Chapter 38: Smallest Adult

Jerry E. Gahlhoff, Jr.
Department of Entomology & Nematology
University of Florida, Gainesville, FL  32611-0620
April 17, 1998

Based on overall length, the smallest adult insect is a parasitic wasp, Dicopomorpha echmepterygis (Hymenoptera: Mymaridae). Males of this species are blind and wingless and measure only 139 µm in length. This newly described species recently replaced Megaphragma caribea (Hymenoptera: Trichogrammatidae), which measures 170 µm, as the smallest adult insect.

The intent of this paper is to identify the smallest adult insect. For holometabolous insects, an adult insect is defined as an individual that has emerged from the pupa and/or is capable of reproduction. Insects which undergo hemimetabolous or ametabolous development are considered adults when growth and/or molting ceases or when the insect becomes sexually mature.


A preliminary review of the secondary literature and advice from entomologists who are experts in Coleoptera and parasitic Hymenoptera yielded several candidates. In particular, the Entomo-L Listserv and the Internet proved to be very useful. AGRICOLA was used to investigate the primary literature of the candidates.


Obviously, wasps that parasitize the eggs of other insects are quite small. Wasps of the egg-parasitic family Mymaridae not only represent some of the smallest known Hymenoptera, but are also among the smallest of all insects. A mymarid, Dicopomorpha echmepterygis, holds the record as smallest adult insect. The males of this minute wasp are wingless and measure as little as 139 µm in length. Females of this species are approximately 40% larger than the males.


Mockford (1997) described Dicopomorpha echmepterygis, and its discovery displaced a trichogrammattid species, Megaphragma caribea, as smallest adult insect (Delvare 1993). At 170 µm in length, M. caribea is only about 20% longer than D. echmepterygis. Adult feather-winged beetles in the family Ptiliidae also rival the small size of both species of parasitic wasps described above. Some feather-winged beetles measure as small as 250 µm in length (Borror & White 1970).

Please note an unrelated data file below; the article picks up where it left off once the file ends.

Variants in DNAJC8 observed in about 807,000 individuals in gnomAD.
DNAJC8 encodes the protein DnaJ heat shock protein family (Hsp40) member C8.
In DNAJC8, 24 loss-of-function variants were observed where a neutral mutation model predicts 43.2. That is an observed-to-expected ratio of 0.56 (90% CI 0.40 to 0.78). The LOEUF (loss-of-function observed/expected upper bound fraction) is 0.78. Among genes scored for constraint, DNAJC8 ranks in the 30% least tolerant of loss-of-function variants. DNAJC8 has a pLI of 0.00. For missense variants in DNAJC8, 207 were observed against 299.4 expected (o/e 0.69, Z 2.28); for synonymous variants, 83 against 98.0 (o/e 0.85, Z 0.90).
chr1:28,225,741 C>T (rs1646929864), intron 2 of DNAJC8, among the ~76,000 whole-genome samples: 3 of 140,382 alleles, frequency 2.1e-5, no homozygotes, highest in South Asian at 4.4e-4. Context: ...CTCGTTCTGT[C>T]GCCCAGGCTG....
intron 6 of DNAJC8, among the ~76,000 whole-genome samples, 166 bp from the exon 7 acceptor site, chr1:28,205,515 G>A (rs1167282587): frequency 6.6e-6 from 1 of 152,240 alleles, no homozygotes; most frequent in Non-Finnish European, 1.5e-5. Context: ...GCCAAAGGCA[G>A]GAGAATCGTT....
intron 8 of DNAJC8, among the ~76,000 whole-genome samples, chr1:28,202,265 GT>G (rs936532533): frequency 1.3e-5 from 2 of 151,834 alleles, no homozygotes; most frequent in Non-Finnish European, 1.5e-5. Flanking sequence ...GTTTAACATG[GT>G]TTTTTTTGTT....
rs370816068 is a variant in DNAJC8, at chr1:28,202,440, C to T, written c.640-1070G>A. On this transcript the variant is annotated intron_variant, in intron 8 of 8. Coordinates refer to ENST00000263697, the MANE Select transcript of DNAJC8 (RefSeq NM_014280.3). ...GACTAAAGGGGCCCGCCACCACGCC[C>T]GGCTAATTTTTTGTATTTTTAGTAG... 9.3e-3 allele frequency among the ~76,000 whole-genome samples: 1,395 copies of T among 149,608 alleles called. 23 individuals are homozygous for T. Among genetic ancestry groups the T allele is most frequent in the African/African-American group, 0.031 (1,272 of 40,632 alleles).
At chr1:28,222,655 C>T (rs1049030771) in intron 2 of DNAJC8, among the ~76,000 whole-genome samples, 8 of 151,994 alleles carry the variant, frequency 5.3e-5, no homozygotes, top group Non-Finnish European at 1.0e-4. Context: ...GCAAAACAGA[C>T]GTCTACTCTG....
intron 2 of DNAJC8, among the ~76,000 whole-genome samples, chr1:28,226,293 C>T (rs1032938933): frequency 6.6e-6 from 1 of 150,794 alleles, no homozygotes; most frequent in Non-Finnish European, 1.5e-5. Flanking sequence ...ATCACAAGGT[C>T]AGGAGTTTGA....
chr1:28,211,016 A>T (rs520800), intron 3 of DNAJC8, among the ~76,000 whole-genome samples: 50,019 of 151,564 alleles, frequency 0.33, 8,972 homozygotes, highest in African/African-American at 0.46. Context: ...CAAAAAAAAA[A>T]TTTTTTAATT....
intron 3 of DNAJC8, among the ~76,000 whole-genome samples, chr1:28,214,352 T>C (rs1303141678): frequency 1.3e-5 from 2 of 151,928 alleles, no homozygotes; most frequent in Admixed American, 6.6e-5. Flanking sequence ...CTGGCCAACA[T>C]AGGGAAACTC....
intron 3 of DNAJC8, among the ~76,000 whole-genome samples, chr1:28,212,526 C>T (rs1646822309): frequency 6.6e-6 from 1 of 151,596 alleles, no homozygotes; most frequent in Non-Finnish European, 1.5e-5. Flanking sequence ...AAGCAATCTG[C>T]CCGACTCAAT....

Mockford (1997) provided a complete physical description as well as a brief biological observation of D. echmepterygis. When parasitized by D. echmepterygis, an egg of its psocid host, Echmepteryx hageni (Psocoptera: Lepidopsocidae), typically yields 1 to 3 males and a female of the parasite. The male of D. echmepterygis is blind and wingless but possesses long legs that it uses to attach itself to a female wasp that is emerging from the egg of its host. The diminutive males of D. echmepterygis require less nourishment to develop and are relegated to perform their primary responsibility, mating. On the other hand, vigorous females of this species are winged and possess compound eyes suited to aid in dispersal (Mockford 1997). Mockford (1997) also suggests that the great degree of sexual dimorphism in this species may be attributed to the limited nutritional value provided by the egg of the psocid host.

Diminutive males such as those of D. echmepterygis may often be overlooked by researchers (Mockford 1997). Tiny male wasps that parasitize eggs in families such as Mymaridae and Trichogrammatidae may be present in species with females that are thought to reproduce parthenogenetically. Therefore, males smaller than those of D. echmepterygis may exist among parasitic wasps, especially those that parasitize eggs of other insects.


I thank John S. Noyes (Entomology Department, The Natural History Museum, London) and Greg Evans (Department of Entomology and Nematology, University of Florida) for helping to identify pertinent literature.

References Cited

  • Borror, D.J. & R.E. White. 1970. Peterson field guides: Insects. Houghton Mifflin, New York.
  • Delvare, G. 1993. Sur Les Megaphragma de Guadeloupe avec la description d'une espèce nouvelle (Hymenoptera, Trichogrammatidae). Rev. Fr. Entomol. 15:149-152.
  • Mockford, E.L. 1997. A new species of Dicomorpha (Hymenoptera: Mymaridae) with diminutive, apterous males. Ann. Entomol. Soc. Am. 90:115-120.

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